Good but no wow factor

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Bite sized

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Wenger: Arsenal don't just splurge, we develop homegrown heroes

Arsene Wenger has rejected claims from Chelsea manager Jose Mourinho that Arsenal have abandoned their cautious transfer approach.

Chelsea manager Mourinho has suggested totalling up Arsenal's spending in the past few seasons leads to a "surprise", resuming his sparring with Gunners boss Wenger.

Mourinho has labelled Arsenal as genuine contenders for this year's Premier League title, before the two teams clash in the Community Shield on Sunday.

Wenger responded by insisting Arsenal spend within their means, and will not fret too much about outside opinions.

"We spend when we think we have to spend and do not listen too much to what people think or say," said the Frenchman.

"We just try to make the right decisions.

"When we have the money available, we spend it. When we don't have the money, we don't spend the money we haven't got."

Arsenal have spent almost £150 million ($319.4m) since the summer of 2013, breaking their transfer record for Mesut Oezil and signing Petr Cech from Chelsea last month.

Chelsea's own investment in that time amounts to almost £235 million.

Mourinho dropped heavy hints in his comments that Arsenal are title contenders simply because of their two-year spending spree.

Wenger rubbished that notion, however, claiming Arsenal still lead the way on producing homegrown talent.

"I believe that one day, if you make real statistics of the players we have developed here and compare them to the other clubs, you will be surprised," said Wenger.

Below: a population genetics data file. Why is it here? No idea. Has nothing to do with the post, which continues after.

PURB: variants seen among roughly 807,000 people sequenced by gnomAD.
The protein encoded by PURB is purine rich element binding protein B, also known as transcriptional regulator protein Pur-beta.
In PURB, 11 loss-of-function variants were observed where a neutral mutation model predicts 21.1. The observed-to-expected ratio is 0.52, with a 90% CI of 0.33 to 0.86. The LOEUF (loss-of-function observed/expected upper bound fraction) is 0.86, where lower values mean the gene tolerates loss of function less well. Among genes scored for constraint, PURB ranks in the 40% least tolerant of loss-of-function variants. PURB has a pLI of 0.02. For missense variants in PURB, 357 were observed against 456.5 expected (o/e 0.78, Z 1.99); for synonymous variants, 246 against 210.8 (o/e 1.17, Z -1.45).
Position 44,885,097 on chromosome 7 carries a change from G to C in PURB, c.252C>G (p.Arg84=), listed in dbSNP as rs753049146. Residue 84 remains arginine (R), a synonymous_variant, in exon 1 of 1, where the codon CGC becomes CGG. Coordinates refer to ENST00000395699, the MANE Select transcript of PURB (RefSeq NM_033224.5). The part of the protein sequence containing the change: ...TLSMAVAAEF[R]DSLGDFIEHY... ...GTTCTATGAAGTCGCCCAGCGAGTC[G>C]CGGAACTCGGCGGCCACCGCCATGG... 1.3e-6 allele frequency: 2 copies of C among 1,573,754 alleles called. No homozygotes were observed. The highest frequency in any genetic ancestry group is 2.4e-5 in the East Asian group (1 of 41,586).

"I think what you want is not to listen too much to what people say, because sometimes in the same week I get two different reproaches: one I don't spend enough and one too much.

"I believe if you want to create success, which we want desperately, (we have) to focus on inside and try to do as well we you can, believe in the football we want to play, play it as well as we can, and let other people talk."

Wenger refused to rule out further signings before the start of the new Premier League campaign - but scotched suggestions Calum Chambers could return to former club Southampton on loan.

"They didn't try to get him back on loan and I will not consider it. Not at the moment," Wenger said.

DEVELOP

"I want to develop him as a centre back and at the moment we have just the right number.

"He will get games here."

Wenger must hatch a plan to stop Eden Hazard this weekend, fresh from Mourinho branding the Belgian playmaker as better than Cristiano Ronaldo on last season's evidence.

Admitting Arsenal were "a few million" away from signing Hazard when he joined Chelsea in 2012, Wenger believes the 24-year-old still trails behind the likes of Ronaldo and Lionel Messi.

"He can decide the games, and you put the top players in this kind of calibre when they can decide the games with something special," said Wenger of the Belgian.

"Hazard is in this category: now to reach the other two or three who are dominating world football at the moment, I think it demands consistency which he is still to do.

"It is all about opinions, you have to compare the numbers. I must say players like Messi and Ronaldo still score 50 goals and that is exceptional." - PA Sport.

In my opinion, he should be in the top three, not the top 10 (players in Europe). Last season Eden (Hazard) was above (Cristiano) Ronaldo.

— Jose Mourinho on Eden Hazard

To reach the other two or three who are dominating world football at the moment, I think it demands consistency which he is still to do.

— Arsene Wenger on Eden Hazard

It's going to be tight this year, but I've got a feeling for Arsenal... Last year they weren't far away and had lots of injures and lost key players. This year they could go close.

— Former Tottenham manager Harry Redknapp grudgingly picking Arsenal to dethrone Chelsea as EPL champions

For sure, (Petr Cech) is a great transfer for Arsenal. (But) I think the league will be the same because they are champions now and know how to win, and the whole team stayed.

— Former Chelsea attacker Andre Schuerrle (right) on why the Blues will beat Arsenal to the title

KRANJI TRACKWORK

Two-year-old FINE CHOICE in form for Friday

FLASHBACK DEBUT: Fine Choice (outside, in orange) beating off Celeritas but cannot catch Kubera Warrior (not in picture), who goes on to win by almost two lengths on March 22. It was Fine Choice’s first Kranji start.